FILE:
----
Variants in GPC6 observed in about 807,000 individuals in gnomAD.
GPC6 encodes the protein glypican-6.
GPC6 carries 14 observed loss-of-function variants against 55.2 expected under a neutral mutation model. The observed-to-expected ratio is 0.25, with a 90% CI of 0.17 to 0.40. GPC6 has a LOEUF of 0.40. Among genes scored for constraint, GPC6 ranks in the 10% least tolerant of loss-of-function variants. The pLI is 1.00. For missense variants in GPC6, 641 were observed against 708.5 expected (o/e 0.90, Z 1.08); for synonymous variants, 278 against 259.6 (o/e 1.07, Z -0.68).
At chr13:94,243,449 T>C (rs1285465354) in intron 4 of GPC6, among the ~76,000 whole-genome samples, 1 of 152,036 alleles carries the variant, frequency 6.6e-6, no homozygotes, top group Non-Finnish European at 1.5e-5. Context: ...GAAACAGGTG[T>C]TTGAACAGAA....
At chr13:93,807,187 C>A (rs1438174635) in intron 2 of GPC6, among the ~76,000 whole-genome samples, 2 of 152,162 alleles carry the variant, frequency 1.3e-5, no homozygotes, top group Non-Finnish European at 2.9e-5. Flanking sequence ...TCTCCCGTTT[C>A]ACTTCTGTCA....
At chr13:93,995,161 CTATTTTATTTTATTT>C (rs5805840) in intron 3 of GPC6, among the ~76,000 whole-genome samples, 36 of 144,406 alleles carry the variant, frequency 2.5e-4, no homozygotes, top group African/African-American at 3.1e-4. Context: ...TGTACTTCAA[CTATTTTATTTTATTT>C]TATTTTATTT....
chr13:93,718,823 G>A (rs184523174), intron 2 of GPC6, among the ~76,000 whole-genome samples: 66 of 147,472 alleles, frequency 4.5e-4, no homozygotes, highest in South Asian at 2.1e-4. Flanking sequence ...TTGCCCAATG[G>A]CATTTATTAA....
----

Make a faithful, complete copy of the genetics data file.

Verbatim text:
Variants in GPC6 observed in about 807,000 individuals in gnomAD.
GPC6 encodes the protein glypican-6.
GPC6 carries 14 observed loss-of-function variants against 55.2 expected under a neutral mutation model. The observed-to-expected ratio is 0.25, with a 90% CI of 0.17 to 0.40. GPC6 has a LOEUF of 0.40. Among genes scored for constraint, GPC6 ranks in the 10% least tolerant of loss-of-function variants. The pLI is 1.00. For missense variants in GPC6, 641 were observed against 708.5 expected (o/e 0.90, Z 1.08); for synonymous variants, 278 against 259.6 (o/e 1.07, Z -0.68).
At chr13:94,243,449 T>C (rs1285465354) in intron 4 of GPC6, among the ~76,000 whole-genome samples, 1 of 152,036 alleles carries the variant, frequency 6.6e-6, no homozygotes, top group Non-Finnish European at 1.5e-5. Context: ...GAAACAGGTG[T>C]TTGAACAGAA....
At chr13:93,807,187 C>A (rs1438174635) in intron 2 of GPC6, among the ~76,000 whole-genome samples, 2 of 152,162 alleles carry the variant, frequency 1.3e-5, no homozygotes, top group Non-Finnish European at 2.9e-5. Flanking sequence ...TCTCCCGTTT[C>A]ACTTCTGTCA....
At chr13:93,995,161 CTATTTTATTTTATTT>C (rs5805840) in intron 3 of GPC6, among the ~76,000 whole-genome samples, 36 of 144,406 alleles carry the variant, frequency 2.5e-4, no homozygotes, top group African/African-American at 3.1e-4. Context: ...TGTACTTCAA[CTATTTTATTTTATTT>C]TATTTTATTT....
chr13:93,718,823 G>A (rs184523174), intron 2 of GPC6, among the ~76,000 whole-genome samples: 66 of 147,472 alleles, frequency 4.5e-4, no homozygotes, highest in South Asian at 2.1e-4. Flanking sequence ...TTGCCCAATG[G>A]CATTTATTAA....